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Nicole Kelley


Associate Professor of Religion

Departmental Area: Religions of Western Antiquity
Research Areas: Disability in antiquity; Pseudo-Clementines and Christian apocrypha; Jewish Christianity and Jewish-Christian relations; ancient astrology

Address: Department of Religion
641 University Way / P.O. Box 3061520
The Florida State University
Tallahassee, FL 32306-1520
Office: 211 Dodd Hall
Email: nkelley@fsu.edu
Office Hours: TBA

Curriculum Vitae

Background

Nicole Kelley (Ph.D. ’03, Harvard University, The Study of Religion: New Testament and Christian Origins) teaches courses in the area of ancient Christianity. Her research focuses on Christian apocryphal literature, the interaction between late antique Jews and Christians, martyrdom and religious violence, the production and contestation of religious identities in the ancient world, and ancient conceptions of the body as an artifact of religious import. She is currently working on a book provisionally entitled The Church Body:  Deformity and Disability in Ancient Christianity, which examines the religious significance of congenital deformities in late antique and early medieval Christian writings.


Research Interests


  • Christian representations of deformities and disabilities
  • Pseudo-Clementines
  • Illness and healing in the ancient world
  • Christian martyr acts
  • Ancient magic and astrology

Selected Publications


Books

Articles

  • “The Deformed Child in Ancient Christianity,” in Children in Ancient Christianity, ed. Cornelia B. Horn (Mohr Siebeck, forthcoming).
  • “Astrology in the Pseudo-Clementine Recognitions,” Journal of Ecclesiastical History 59.4 (2008), 607-629.
  • “The Theological Significance of Physical Deformity in the Pseudo-Clementine Homilies,” Perspectives in Religious Studies 34 (2007), 77-90.
  • “Philosophy as Training for Death:  Reading the Ancient Christian Martyr Acts as Spiritual Exercises,” Church History 75.4 (2006), 723-747.
  • “Problems of Knowledge and Authority in the Pseudo-Clementine Romance of Recognitions,” Journal of Early Christian Studies 13.3 (2005), 315-348.
  • “The Cosmopolitan Expression of Josephus’ Prophetic Perspective in the Jewish War,” Harvard Theological Review 97.3 (2004) 257-274.

Conference Presentations


  • “Epilepsy in Late Antique Christian Writings,” presented at the Disability Studies and Healthcare in the Bible and Near East section, AAR/SBL Annual Meeting, November 2007
  • “The Epidemiology of Religion in the Pseudo-Clementine Homilies,” presented at the XV International Conference on Patristic Studies, Oxford UK, August 2007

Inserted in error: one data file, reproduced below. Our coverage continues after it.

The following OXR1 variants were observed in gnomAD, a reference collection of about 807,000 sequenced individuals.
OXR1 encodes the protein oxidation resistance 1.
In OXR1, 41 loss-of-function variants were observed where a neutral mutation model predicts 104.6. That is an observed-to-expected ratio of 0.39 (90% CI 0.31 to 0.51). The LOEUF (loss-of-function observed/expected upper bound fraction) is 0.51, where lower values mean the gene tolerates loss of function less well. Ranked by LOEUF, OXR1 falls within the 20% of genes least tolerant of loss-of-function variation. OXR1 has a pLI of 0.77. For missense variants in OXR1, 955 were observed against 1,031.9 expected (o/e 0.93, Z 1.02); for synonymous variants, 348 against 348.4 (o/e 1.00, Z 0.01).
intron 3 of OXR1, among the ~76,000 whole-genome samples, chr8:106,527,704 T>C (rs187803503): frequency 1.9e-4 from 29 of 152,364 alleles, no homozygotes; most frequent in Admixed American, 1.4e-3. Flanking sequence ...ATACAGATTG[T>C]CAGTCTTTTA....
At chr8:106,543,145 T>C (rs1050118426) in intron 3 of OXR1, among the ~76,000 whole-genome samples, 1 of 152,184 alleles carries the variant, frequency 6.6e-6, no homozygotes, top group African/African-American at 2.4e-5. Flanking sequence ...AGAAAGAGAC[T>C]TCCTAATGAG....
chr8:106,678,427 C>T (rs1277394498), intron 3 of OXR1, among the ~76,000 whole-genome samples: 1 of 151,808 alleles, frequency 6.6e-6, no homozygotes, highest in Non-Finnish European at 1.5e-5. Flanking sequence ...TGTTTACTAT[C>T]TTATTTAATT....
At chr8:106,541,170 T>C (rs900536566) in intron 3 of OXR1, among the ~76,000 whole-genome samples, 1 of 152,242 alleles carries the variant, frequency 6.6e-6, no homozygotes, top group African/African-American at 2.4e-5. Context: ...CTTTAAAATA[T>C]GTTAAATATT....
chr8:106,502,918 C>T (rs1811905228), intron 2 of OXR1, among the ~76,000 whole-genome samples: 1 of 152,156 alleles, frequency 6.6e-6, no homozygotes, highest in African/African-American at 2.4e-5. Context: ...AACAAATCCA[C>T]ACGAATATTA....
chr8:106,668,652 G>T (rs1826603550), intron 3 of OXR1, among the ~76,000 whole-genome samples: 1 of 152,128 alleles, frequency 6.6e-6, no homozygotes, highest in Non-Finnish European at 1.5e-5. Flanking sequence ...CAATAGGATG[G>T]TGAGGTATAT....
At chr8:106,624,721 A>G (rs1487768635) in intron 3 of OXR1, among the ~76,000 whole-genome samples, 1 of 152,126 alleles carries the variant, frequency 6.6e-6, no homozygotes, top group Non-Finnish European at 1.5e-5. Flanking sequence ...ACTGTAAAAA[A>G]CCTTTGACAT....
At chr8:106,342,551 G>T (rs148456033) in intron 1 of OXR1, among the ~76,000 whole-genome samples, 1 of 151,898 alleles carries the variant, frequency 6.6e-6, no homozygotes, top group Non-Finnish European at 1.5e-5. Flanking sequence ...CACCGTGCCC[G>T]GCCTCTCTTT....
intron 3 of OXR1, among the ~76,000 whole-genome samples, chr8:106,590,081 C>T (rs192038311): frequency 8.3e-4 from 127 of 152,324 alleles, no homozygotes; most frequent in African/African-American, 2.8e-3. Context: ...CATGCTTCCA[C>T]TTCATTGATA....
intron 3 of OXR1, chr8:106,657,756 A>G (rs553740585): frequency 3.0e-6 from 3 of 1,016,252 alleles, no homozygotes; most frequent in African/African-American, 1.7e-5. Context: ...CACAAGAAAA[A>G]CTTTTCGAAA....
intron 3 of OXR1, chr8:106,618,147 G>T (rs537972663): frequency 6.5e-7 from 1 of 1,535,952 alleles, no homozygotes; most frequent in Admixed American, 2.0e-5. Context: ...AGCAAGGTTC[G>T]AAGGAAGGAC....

• “On Recycling Texts and Traditions:  The Pseudo-Clementine Recognitions and Religious Life in Fourth-Century Syria,” presented at the colloquium “Late Antique Crossroads in the Levant: Space, Ritual, Texts and Daily Life,” Montreal, Canada, November 2006
  • “Pseudo-Clementine Polemics against Sacrifice:  A Window onto Religious Life in the Fourth Century?”, presented at the colloquium “Christian Apocryphal Texts for the New Millennium:  Achievements, Prospects, and Challenges,” Ottawa, Canada, September-October 2006
  • “What is the Value of Sense Perception in the Pseudo-Clementine Romance?”, presented at the Colloquium on the Pseudo-Clementine Romance, Lausanne and Geneva, Switzerland, July-August 2006
  • “Astrological Knowledge and Apostolic Competition:  The Pseudo-Clementine Recognitions in the Context of Fourth-Century Syria,” presented at the Christian Apocrypha Section, AAR/SBL Annual Meeting, November 2005

Teaching Specializations


  • New Testament Gospels and Acts
  • Suffering and martyrdom in ancient Christianity
  • Christian apocryphal literature
  • The body in ancient Christianity

Recent Courses

Spring 2017


REL 3293   Jesus in History & Tradition
This course focuses on selected topics dealing with biblical writings in their ancient historical contexts and/or their interpretation in later period. Meets Liberal Studies: Cultural Practice (LS-CUL).

RLG6298-1    SEM Scriptures/Inte: New Testament Proseminar

Fall 2016


REL3293-2     Death and the Afterlife in the Bible
This course is a survey of death in ancient Greece and Rome, as well as the Christian late antique and medieval eras.  We will examine the varied causes of mortality as well as the development of beliefs and practices related to death and the afterlife.  Readings will focus on primary texts in English translation as well as works of modern scholarship.    
Course Objectives
By the end of this course, students will be able to:

  1. Describe the causes of mortality in the ancient and medieval world
  2. Summarize the kinds of practices (rituals) connected to death and the afterlife
  3. Explain how beliefs and practices related to the afterlife varied according to time and place

Meets Liberal Studies: Cultural Practice (LS-CUL).

RLG5297        SEM: Biblical Studies:  Death & Afterlife
This course is a survey of death in ancient Greece and Rome, as well as the Christian late antique and medieval eras.  We will examine the varied causes of mortality as well as the development of beliefs and practices related to death and the afterlife.  Readings will focus on primary texts in English translation as well as works of modern scholarship.    
Course Objectives
By the end of this course, students will be able to:

    1. Describe the causes of mortality in the ancient and medieval worlds
    2. Summarize the kinds of practices (rituals) connected to death and the afterlife
    3. Explain how beliefs and practices related to the afterlife varied according to time and place